• In example 1 (Figure 13) the query of patients who had a migraine (ICD-10-CM Condition) and had an emergency room visit (Encounter) at any time produces 572 patient records. This query shows individuals who, at any time, had a migraine condition and an emergency room visit encounter at (likely) separate times.
  • However, in example 2 (Figure 14) the query of patients who were diagnosed with a migraine during their visit to the emergency room produces 17 patient records. This query shows individuals who met both criteria at the same time. Note: it is not possible to combine encounter concepts with immutable patient characteristics in the same box (see Figure 7 for error).

Figure 13: Query of Migraine and Emergency Room Visit  

Figure 13: Query of Migraine and Emergency Room Visit

Figure 14: Query of Migraine and ER Visit in Same Encounter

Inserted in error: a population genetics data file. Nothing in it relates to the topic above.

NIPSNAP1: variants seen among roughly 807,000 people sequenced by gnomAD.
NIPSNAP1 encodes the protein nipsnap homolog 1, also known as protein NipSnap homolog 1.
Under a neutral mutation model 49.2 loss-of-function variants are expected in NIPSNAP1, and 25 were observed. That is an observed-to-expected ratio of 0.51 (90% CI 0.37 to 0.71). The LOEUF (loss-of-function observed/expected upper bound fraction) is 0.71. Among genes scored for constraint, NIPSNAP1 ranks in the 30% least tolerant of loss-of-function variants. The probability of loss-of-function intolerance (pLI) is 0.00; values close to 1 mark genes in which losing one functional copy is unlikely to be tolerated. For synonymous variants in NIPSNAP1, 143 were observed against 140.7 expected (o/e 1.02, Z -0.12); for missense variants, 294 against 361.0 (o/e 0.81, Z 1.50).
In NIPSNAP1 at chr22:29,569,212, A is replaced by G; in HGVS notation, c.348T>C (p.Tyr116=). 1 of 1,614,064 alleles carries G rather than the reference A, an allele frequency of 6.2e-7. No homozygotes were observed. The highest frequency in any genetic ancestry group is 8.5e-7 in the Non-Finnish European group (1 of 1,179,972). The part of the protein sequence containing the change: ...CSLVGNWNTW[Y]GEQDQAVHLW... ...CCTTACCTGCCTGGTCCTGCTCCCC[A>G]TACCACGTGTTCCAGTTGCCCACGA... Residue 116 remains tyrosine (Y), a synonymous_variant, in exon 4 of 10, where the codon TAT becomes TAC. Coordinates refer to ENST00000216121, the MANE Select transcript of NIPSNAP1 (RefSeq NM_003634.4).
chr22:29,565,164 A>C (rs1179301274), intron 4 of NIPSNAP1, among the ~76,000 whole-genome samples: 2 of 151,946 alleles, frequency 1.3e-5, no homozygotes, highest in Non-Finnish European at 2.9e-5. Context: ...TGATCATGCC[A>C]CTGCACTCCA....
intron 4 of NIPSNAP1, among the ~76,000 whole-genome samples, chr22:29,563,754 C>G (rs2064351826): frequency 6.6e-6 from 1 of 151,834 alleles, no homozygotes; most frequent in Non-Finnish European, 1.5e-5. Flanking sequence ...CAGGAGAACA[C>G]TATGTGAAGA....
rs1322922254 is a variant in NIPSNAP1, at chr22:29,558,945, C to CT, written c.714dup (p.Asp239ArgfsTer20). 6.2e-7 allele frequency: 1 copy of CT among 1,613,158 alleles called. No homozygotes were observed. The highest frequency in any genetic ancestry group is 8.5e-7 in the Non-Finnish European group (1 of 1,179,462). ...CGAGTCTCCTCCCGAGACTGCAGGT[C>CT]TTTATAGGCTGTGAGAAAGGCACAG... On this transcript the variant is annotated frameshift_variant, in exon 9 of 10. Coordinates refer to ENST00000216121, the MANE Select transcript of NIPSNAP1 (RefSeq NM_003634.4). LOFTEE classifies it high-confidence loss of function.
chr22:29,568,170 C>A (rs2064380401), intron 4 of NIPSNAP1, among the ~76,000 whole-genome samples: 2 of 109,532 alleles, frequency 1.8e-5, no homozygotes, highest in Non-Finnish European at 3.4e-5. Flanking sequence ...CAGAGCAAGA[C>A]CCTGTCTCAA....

Figure 14: Query of Migraine and ER Visit in Same Encounter


Date Logic: Query boxes can specify encounter date to include custom date ranges, including today, in the last 7 days or 30 days, or within a custom date range.

Dates can adjust. Use drop-down menus in the blue header of any box to specify the relative date of another encounter (such as “In the Same Encounter” and “Within +/-“ or “In the following…” time period) to customize a time frame for the query.



Leaf provides quick overview of the data with customizable options for review. From the left-hand navigation:

  • The “Find Patients” tab (magnifying glass icon) provides your search criteria
  • The “Visualize” tab (bar graph icon) presents bar graphs and tables of general demographic data
  • The “Patient List” tab (human icon) details the queried dataset

Select a tab to view the information.



Select the menu for “Basic Demographics” to add or remove fields from the dataset (see Figure 15)